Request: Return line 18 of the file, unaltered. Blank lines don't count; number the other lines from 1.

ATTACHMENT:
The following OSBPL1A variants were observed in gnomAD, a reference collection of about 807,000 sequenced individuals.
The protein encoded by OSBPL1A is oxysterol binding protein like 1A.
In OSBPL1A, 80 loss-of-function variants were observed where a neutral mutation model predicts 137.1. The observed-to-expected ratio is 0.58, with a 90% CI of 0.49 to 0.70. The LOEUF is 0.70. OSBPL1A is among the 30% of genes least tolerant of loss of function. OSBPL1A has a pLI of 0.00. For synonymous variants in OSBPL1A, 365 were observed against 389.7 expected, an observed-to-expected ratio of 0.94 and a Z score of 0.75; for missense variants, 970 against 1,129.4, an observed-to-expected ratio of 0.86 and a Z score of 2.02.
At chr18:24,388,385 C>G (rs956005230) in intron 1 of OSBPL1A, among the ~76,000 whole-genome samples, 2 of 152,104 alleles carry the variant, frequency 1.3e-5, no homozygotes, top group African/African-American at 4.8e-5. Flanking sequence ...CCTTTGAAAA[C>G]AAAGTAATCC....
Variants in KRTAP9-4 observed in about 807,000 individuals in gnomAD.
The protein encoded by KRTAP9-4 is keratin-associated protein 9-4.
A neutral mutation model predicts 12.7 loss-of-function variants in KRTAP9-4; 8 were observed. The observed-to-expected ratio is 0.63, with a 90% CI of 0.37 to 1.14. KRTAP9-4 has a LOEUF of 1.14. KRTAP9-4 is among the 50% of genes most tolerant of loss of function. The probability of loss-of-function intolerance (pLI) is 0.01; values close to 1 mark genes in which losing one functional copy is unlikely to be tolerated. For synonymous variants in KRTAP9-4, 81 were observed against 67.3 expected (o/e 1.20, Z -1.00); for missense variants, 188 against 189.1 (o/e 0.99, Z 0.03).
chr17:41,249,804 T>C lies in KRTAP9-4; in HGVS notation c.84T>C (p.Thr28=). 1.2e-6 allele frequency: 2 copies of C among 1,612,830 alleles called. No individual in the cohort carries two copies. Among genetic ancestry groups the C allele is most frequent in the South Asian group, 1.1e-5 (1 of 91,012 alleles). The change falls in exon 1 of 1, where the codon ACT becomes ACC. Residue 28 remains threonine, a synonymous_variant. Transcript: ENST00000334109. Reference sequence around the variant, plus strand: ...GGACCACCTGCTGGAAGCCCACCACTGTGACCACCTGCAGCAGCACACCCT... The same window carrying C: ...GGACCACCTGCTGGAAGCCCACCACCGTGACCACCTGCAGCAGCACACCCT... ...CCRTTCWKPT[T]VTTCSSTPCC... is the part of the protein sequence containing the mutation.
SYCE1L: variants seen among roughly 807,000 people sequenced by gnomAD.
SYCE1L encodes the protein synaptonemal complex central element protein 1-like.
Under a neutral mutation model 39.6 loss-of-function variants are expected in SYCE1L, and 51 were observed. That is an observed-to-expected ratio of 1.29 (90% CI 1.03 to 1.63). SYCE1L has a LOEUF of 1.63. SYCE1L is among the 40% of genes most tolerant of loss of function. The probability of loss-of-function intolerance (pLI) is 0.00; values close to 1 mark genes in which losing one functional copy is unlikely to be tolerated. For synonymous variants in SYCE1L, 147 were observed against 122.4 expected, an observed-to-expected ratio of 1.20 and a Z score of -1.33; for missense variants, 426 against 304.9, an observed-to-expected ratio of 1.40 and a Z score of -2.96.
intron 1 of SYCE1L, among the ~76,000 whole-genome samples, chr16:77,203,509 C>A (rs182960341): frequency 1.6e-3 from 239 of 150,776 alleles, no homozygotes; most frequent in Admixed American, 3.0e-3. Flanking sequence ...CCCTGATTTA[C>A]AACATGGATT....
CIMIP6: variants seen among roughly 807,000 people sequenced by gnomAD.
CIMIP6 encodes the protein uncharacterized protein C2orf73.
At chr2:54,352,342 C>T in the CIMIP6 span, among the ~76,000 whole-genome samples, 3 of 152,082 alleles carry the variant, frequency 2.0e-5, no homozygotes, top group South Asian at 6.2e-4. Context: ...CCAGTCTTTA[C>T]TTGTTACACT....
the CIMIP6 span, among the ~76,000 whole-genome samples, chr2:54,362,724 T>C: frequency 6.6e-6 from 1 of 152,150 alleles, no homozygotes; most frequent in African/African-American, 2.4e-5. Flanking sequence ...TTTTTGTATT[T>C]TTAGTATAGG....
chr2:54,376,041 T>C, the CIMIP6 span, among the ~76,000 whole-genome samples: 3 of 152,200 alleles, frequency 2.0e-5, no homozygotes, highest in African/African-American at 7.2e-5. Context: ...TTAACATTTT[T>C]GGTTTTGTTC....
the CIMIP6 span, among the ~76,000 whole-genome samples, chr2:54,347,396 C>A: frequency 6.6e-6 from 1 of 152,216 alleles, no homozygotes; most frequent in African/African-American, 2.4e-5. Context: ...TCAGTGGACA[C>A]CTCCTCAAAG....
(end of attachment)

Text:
the CIMIP6 span, among the ~76,000 whole-genome samples, chr2:54,347,396 C>A: frequency 6.6e-6 from 1 of 152,216 alleles, no homozygotes; most frequent in African/African-American, 2.4e-5. Context: ...TCAGTGGACA[C>A]CTCCTCAAAG....